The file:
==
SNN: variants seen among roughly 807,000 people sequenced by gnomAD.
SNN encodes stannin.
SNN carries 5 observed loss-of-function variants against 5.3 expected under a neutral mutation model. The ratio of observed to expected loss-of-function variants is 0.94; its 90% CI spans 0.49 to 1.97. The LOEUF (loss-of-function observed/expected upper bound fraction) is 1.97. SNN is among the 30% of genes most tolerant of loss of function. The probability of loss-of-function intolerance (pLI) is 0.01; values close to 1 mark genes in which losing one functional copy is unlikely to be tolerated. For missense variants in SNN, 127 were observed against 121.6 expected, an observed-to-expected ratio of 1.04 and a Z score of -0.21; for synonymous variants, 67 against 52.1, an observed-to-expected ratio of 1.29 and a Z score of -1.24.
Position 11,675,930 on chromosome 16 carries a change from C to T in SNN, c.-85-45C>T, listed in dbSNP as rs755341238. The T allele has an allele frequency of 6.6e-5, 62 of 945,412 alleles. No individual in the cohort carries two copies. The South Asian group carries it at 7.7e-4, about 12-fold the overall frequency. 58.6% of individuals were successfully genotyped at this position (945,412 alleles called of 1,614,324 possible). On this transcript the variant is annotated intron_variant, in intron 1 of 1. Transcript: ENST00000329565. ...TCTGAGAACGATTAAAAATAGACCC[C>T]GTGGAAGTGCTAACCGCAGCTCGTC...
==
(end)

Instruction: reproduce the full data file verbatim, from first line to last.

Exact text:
SNN: variants seen among roughly 807,000 people sequenced by gnomAD.
SNN encodes stannin.
SNN carries 5 observed loss-of-function variants against 5.3 expected under a neutral mutation model. The ratio of observed to expected loss-of-function variants is 0.94; its 90% CI spans 0.49 to 1.97. The LOEUF (loss-of-function observed/expected upper bound fraction) is 1.97. SNN is among the 30% of genes most tolerant of loss of function. The probability of loss-of-function intolerance (pLI) is 0.01; values close to 1 mark genes in which losing one functional copy is unlikely to be tolerated. For missense variants in SNN, 127 were observed against 121.6 expected, an observed-to-expected ratio of 1.04 and a Z score of -0.21; for synonymous variants, 67 against 52.1, an observed-to-expected ratio of 1.29 and a Z score of -1.24.
Position 11,675,930 on chromosome 16 carries a change from C to T in SNN, c.-85-45C>T, listed in dbSNP as rs755341238. The T allele has an allele frequency of 6.6e-5, 62 of 945,412 alleles. No individual in the cohort carries two copies. The South Asian group carries it at 7.7e-4, about 12-fold the overall frequency. 58.6% of individuals were successfully genotyped at this position (945,412 alleles called of 1,614,324 possible). On this transcript the variant is annotated intron_variant, in intron 1 of 1. Transcript: ENST00000329565. ...TCTGAGAACGATTAAAAATAGACCC[C>T]GTGGAAGTGCTAACCGCAGCTCGTC...